-Freelancers can receive payments via bank or money transfer services (i.e., Western Union)

-Track project history, agreements, milestone changes, all in one place on Nabbesh

-A two way rating system which helps you build a reputation and improve your visibility

We hope you like the new and improved Nabbesh!  Work your way and try it today!

Loulou Khazen Baz & Rima Al Sheikh

8 Practical Tips for MENA Freelance Journalists to Keep Business Rolling

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Today’s blog post comes from Ahmed Medien who specializes in online publishing, blog writing and social media marketing. Ahmed has experienced freelancing first-hand after he left his writer job at Tunisia Live (Tunisia’s leading news website) in January 2012. He has tried it all and has failed on several occasions, but has acquired, in the meantime, a lot practical knowledge about the profession. He also had the chance to meet other freelance journalists from everywhere in the region. 
 

If you are a freelance journalist in MENA, then worry no more. There is tons of work for you and a lot of opportunities to become a fully-established reporter in your area. The Arab Spring has brought a lot of change and dynamics to the region. And, most importantly, the world is still hooked to our news. The demand is virtually high, and you are the supplier.

Here are 8 useful tips to become the next legitimate source on Middle Eastern affairs.

The purpose of this post is to help freelance journalists position themselves both financially and professionally in the MENA media industry, and also improve your status as a freelance journalist.

1) Know your priorities

It is important to establish some priorities before getting into journalism. Journalism is a very demanding job. It can be both frustrating and exhausting if you don’t prepare or, as I call it, strategize enough for the job. Your career might not even pick up if you are not sure what you are trying to accomplish with this new job.

Therefore, it is useful to ask yourself some of these relevant questions before starting writing, filming, photographing, etc.: How many hours will you allocate to this new job? Is it going to be your main job? Are you mentally prepared to follow news around the clock in different countries and languages? Do you have the necessary technical skills to make it on top of the market? Are you ready to do it without pay?

Basically, you want to know where you are headed with this profession when you decide to take a stab at it.

2) Make the right investments

The word investments, here, could be interpreted literally and loosely as it could a more expensive phone plan, a tablet, your own website, a better camera, a better sound recorder, a video/sound editing software – you name it.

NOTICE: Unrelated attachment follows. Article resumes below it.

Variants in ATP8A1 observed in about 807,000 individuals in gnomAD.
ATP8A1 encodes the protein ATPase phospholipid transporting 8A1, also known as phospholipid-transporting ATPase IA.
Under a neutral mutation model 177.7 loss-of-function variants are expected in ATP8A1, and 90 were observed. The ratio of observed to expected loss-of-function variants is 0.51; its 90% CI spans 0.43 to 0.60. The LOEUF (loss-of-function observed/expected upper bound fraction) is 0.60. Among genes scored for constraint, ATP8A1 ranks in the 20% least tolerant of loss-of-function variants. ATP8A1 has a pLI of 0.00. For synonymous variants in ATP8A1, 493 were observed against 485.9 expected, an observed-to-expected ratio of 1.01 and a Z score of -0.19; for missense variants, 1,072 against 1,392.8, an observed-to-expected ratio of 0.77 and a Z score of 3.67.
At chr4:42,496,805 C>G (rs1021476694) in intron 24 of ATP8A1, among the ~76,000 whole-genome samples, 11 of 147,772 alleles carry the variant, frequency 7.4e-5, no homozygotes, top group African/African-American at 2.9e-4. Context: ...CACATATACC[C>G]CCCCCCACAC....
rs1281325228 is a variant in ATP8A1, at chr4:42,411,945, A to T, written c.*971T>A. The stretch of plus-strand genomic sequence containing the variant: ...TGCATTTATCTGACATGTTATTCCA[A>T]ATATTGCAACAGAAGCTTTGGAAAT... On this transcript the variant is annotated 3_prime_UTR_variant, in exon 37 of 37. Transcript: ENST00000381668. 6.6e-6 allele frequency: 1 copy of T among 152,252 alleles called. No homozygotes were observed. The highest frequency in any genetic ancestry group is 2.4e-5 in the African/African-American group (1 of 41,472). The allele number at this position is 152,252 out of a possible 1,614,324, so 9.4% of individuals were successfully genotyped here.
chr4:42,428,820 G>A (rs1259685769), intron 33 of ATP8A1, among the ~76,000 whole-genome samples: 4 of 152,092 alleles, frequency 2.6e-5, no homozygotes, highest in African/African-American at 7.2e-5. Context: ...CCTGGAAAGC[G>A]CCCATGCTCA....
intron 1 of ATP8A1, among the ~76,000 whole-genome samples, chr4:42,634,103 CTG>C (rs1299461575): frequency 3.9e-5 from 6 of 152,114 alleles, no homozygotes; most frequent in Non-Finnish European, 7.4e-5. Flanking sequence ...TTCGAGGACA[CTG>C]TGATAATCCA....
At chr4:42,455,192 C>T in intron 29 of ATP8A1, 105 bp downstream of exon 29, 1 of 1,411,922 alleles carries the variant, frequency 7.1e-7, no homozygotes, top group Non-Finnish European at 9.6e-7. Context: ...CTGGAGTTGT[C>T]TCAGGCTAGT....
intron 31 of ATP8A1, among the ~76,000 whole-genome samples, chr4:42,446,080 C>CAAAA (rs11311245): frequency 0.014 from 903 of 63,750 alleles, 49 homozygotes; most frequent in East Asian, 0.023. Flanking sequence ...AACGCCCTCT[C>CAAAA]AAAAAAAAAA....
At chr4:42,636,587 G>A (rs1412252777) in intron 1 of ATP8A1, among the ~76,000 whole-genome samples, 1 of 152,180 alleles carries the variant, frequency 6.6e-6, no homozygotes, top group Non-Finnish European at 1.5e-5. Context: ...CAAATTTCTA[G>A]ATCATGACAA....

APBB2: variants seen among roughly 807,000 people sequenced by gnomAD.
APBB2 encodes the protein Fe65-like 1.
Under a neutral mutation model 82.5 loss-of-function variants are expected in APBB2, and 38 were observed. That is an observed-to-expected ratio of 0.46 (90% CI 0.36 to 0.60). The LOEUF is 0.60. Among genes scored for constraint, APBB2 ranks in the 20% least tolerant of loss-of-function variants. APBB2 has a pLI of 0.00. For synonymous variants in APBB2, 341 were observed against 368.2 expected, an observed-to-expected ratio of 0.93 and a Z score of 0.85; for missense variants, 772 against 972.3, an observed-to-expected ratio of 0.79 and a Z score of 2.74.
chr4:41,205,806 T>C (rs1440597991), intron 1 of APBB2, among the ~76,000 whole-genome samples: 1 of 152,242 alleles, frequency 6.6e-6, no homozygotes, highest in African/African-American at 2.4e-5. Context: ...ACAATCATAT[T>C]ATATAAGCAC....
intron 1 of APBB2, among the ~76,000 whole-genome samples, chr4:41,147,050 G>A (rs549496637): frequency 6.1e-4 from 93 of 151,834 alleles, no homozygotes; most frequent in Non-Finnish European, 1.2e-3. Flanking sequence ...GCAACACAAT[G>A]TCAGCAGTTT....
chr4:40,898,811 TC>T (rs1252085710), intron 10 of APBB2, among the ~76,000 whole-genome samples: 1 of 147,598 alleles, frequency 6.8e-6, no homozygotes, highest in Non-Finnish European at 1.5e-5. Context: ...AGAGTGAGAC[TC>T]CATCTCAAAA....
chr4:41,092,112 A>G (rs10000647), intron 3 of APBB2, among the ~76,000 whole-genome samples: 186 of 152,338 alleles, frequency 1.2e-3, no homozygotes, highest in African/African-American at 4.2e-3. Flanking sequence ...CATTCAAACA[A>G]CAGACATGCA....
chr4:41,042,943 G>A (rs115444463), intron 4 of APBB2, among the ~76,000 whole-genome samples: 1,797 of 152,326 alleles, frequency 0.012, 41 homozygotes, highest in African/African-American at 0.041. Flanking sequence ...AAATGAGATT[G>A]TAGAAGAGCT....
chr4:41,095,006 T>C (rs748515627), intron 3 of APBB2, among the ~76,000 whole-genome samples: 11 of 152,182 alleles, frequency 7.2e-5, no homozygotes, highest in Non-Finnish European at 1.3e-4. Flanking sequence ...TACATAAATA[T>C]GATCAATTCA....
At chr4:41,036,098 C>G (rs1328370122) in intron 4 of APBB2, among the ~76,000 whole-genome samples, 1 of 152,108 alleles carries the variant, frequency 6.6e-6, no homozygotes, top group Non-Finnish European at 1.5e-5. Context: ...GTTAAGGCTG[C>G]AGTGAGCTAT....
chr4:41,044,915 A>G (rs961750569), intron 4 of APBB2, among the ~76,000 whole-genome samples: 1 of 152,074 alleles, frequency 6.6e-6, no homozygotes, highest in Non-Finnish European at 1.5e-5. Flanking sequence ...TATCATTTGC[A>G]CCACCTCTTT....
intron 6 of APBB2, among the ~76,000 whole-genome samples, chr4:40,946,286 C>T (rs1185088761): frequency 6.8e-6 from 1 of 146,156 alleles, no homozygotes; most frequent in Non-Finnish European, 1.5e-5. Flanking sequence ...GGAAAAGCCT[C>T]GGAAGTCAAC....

Basically, you want to make sure that you’ll be using your time and strategic location more efficiently through these assets to help you make the most of your experience as a journalist.

Internet on the go or a mobile device will help you stay connected with people and actions wherever you go if mobility is part of your reporting activity. A better camera will help you deliver better quality photos that will sell more in the market or attract more clients.

3) Get online

This is beyond obvious. It is the most efficient way to interact with your community, larger community, and also engage your audience with the kind of journalistic content that you produce.

4) Seek out an internship

Just like any other profession, you will need job credentials in journalism in order to be taken seriously by other publishers. Therefore, whether you live in a small or bigger city, try to find any media outlet that is hiring a new member in their team. This could be paid or unpaid, but it is really up to you to establish your priorities and must’s in your new career.

Preferably, you want to choose a media organization that focuses on your topics of interests be it a specific city or country, a “region”, foreign affairs, culture, etc. When you do start this new job, you want to absolutely make sure that your organization is completely onboard with staff writing or producing for other outlets. Otherwise, abstain, because it is not professional.

You will also need to quantify your experience at this new job so that you can display it nicely in numbers on your CV/portfolio. For example: I have worked x hours a week. I wrote x many articles with x thousands in unique views and social media shares. I covered x political/cultural/social demonstration events on the ground. I produced multimedia content (video, photos, sound bites) for my organization, etc.

5) Build up a portfolio